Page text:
Carriers using the electronic release system (ERS) may be exposed to liability if cargo in their possession is misappropriated by the unauthorised use of a PIN code that they have issued
The Court of Appeal has upheld the first instance decision that a release enote containing a PIN code and issued via an electronic release system (“ERS”) did not constitute a “delivery order” either as required by the bill of lading or within the definition of a “ship’s delivery order” under the Carriage of Goods by Sea Act 1992. The stand-alone release note containing the PIN code served as no more than an instruction to the terminal to permit delivery rather than constituting delivery as required.
The decision is of interest because ERS is being increasingly used in ports, especially large container ports. This case, therefore, serves as a warning to carriers using the ERS system that they may be exposed to liability if cargo in their possession is misappropriated by the unauthorised use of a PIN code that they have issued.
In this case, the shipper claimed against the carrier in relation to two containers of cobalt briquettes that were effectively stolen at Antwerp Port. The cargo was to be delivered via the ERS that Antwerp Port had introduced at the start of 2011. Prior to this dispute, the carrier had used the ERS in respect of 69 shipments for the same shipper, via the shipper’s local agents, and no problem was encountered. The shipper itself was, however, unaware that the ERS was being used.
The ERS was designed to replace the need for a carrier to issue paper delivery orders or to release cargo in return for bills. Instead, on receipt of a bill of lading from the shipper, the carrier would email the shipper’s agents a release note containing a computer-generated four digit PIN. The agents would then be able to use the PIN to take delivery of the cargo from the carrier at the port terminal during a set timeframe.
The decision is of interest because ERS is being increasingly used in ports, especially large container ports.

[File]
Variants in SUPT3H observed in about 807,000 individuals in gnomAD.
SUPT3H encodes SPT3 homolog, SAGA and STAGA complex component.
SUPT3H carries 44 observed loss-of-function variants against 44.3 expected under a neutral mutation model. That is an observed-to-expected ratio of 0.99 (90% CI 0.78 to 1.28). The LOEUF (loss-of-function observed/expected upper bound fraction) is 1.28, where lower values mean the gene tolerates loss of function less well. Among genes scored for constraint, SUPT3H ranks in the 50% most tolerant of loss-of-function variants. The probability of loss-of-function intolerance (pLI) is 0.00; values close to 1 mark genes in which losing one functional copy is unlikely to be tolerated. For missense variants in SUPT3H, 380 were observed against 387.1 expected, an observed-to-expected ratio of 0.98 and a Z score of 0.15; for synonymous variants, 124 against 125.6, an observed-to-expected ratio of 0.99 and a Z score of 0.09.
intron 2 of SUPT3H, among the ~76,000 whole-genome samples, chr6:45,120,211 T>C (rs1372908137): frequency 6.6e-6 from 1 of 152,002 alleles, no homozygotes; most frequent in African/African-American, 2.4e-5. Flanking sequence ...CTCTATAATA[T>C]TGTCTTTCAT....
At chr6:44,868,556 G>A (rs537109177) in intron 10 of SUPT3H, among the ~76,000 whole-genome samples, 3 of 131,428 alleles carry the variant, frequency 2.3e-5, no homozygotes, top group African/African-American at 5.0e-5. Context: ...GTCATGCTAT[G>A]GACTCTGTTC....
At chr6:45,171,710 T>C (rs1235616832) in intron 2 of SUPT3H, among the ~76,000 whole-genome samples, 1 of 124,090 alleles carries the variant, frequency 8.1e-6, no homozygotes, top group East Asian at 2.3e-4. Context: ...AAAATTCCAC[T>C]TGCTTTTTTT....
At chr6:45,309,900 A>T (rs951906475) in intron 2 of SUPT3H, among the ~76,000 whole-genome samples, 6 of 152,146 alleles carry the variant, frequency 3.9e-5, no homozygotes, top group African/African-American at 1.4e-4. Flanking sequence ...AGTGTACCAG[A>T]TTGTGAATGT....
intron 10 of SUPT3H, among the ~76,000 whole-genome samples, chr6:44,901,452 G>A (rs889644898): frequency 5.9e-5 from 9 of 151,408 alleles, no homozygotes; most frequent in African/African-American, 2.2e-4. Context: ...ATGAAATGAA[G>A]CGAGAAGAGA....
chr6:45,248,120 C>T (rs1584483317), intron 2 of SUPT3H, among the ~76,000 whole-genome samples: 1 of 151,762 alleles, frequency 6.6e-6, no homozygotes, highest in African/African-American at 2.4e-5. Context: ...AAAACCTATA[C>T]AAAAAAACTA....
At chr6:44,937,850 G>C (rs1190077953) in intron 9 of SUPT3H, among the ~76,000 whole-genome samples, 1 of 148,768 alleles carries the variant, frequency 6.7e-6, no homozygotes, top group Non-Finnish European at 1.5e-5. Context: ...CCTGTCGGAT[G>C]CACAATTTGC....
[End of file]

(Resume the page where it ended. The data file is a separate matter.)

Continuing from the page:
In respect of this, the 70th, shipment, the shipper sent its agents the relevant bills of lading in the normal way. The bills expressly stated that they were to be exchanged “for the Goods or a Delivery Order”. The agents lodged one of the bills of lading with the carrier and the carrier subsequently emailed the agents a release note for three containers. When the agents attempted to collect the containers, however, two of the containers had already been collected by an unidentified third party and had effectively been stolen.
The Commercial Court found in favour of the shipper that the carrier had mis-delivered the goods. The carrier appealed.
The Court of Appeal decision
The Court of Appeal upheld the first instance decision. It agreed with the Commercial Court’s finding that neither the release note, nor the release note and electronic PIN together, constituted a “delivery order” as required by the bill of lading. They also did not amount to a “ship’s delivery order” as defined by section 1(4) Carriage of Goods by Sea Act (COGSA) 1992, namely as an undertaking that:
(a) is given under or for the purposes of a contract for the carriage by sea of the goods to which the document relates, or of goods which include those goods; and
(b) is an undertaking by the carrier to a person identified in the document to deliver the goods to which the document relates to that person.
The release note in this case did not amount to a delivery order because it did not contain an undertaking by the carrier to deliver the goods to the party identified in the order, which should have been the shipper or its agents. At best, the carrier had undertaken to deliver to the first person who presented the correct PIN, which was insufficient.
The Court of Appeal also rejected the argument that, in this case, providing the shipper with the PIN code was a symbolic delivery of the goods and amounted to delivering the keys to the warehouse where the containers were stored. Rather, the carrier retained the right to physically deal with the goods that remained at its own terminal within the port and could, if it so chose, cancel the PIN code provided to the shipper before the goods were collected. In the context of bills of lading, delivery must amount to physical delivery, not delivery of a means of access.
Finally, the Court of Appeal rejected the argument that the shipper was estopped from questioning the use of the ERS system because their agents had consented to its use numerous times before. The shipper was not itself aware that the ERS system was being used and its agents did not have the authority to waive the delivery requirements under the bill of lading. Furthermore, the fact that the shipper had not previously objected to the use of PIN codes did not prevent it from objecting when its goods were not delivered to it or its agents and it suffered loss as a result.
The Court of Appeal’s decision has been described by some as uncommercial and out of step with 21st century technological advances in the shipping industry. Those using the ERS system going forward may consider incorporating into their contracts specific provisions dealing with the status of release notes and PINs and whether they should be treated as the equivalent of a delivery order by the parties. The allocation of risk for the misuse of PINs should also be considered.